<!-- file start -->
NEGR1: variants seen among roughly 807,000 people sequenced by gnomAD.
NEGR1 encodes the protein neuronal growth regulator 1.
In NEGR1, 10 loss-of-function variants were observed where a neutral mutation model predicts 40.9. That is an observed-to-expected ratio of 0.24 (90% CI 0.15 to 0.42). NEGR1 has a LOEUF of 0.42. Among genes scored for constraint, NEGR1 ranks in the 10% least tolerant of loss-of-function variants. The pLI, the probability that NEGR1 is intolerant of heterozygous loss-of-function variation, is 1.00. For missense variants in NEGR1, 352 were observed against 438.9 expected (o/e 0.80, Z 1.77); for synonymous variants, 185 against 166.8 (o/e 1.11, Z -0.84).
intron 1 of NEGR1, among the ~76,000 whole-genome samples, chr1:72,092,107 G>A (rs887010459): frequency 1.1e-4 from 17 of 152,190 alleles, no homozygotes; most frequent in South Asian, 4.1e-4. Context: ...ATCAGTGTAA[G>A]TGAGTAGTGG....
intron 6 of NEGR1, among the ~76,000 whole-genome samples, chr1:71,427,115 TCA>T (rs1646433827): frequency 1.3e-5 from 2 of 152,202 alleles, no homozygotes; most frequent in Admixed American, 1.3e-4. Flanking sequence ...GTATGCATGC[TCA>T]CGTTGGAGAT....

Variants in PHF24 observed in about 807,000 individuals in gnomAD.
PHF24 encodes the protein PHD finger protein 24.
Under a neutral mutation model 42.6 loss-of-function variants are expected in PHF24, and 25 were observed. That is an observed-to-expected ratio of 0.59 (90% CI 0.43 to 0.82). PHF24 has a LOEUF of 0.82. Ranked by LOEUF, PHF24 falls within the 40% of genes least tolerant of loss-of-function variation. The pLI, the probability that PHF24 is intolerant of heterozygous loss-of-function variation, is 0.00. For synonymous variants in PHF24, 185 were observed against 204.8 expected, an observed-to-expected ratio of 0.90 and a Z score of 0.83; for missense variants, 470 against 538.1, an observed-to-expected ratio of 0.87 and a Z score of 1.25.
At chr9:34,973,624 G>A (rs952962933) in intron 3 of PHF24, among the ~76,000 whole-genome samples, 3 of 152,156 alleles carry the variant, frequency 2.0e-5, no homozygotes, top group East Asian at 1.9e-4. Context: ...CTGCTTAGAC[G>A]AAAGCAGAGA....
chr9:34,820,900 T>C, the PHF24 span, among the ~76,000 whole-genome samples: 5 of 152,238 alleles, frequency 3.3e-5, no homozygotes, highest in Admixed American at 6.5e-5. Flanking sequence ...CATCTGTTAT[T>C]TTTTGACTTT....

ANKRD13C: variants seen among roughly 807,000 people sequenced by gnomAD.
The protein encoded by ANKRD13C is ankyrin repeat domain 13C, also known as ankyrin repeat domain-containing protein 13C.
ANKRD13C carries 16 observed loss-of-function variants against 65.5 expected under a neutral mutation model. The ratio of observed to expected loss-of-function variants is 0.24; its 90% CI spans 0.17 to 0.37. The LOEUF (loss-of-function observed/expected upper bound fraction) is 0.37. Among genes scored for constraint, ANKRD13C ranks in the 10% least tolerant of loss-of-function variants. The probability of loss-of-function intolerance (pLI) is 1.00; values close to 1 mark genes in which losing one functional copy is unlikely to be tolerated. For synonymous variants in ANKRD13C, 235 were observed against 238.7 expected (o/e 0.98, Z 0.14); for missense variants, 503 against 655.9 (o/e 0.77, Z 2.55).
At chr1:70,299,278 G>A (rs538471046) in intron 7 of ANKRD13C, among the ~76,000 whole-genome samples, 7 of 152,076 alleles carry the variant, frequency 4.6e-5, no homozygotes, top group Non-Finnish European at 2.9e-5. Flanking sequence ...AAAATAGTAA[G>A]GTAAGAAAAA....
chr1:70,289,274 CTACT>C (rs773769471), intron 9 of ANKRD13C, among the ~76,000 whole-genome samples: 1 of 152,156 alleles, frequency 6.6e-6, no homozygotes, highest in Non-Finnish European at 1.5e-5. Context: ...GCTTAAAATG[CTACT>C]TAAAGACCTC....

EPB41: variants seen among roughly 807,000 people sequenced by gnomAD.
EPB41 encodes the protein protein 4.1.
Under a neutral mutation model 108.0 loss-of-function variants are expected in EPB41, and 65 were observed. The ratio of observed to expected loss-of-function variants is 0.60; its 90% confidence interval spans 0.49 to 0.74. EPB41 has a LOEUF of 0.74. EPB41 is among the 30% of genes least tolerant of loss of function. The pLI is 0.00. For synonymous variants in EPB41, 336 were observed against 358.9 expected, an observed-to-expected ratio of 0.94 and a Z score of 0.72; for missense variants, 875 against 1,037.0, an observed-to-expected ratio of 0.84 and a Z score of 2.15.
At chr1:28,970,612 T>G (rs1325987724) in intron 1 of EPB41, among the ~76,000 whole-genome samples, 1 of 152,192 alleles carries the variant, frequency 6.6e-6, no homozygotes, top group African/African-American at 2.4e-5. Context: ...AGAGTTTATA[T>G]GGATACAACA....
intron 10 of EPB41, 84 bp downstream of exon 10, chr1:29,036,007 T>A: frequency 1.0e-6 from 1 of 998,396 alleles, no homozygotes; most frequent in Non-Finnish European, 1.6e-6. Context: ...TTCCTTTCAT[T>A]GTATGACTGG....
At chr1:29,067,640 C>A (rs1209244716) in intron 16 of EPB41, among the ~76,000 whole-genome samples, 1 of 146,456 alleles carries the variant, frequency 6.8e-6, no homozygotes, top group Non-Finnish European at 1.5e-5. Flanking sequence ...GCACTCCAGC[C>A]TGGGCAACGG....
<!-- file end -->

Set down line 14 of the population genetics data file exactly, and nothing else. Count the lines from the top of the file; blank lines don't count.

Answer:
At chr1:70,299,278 G>A (rs538471046) in intron 7 of ANKRD13C, among the ~76,000 whole-genome samples, 7 of 152,076 alleles carry the variant, frequency 4.6e-5, no homozygotes, top group Non-Finnish European at 2.9e-5. Flanking sequence ...AAAATAGTAA[G>A]GTAAGAAAAA....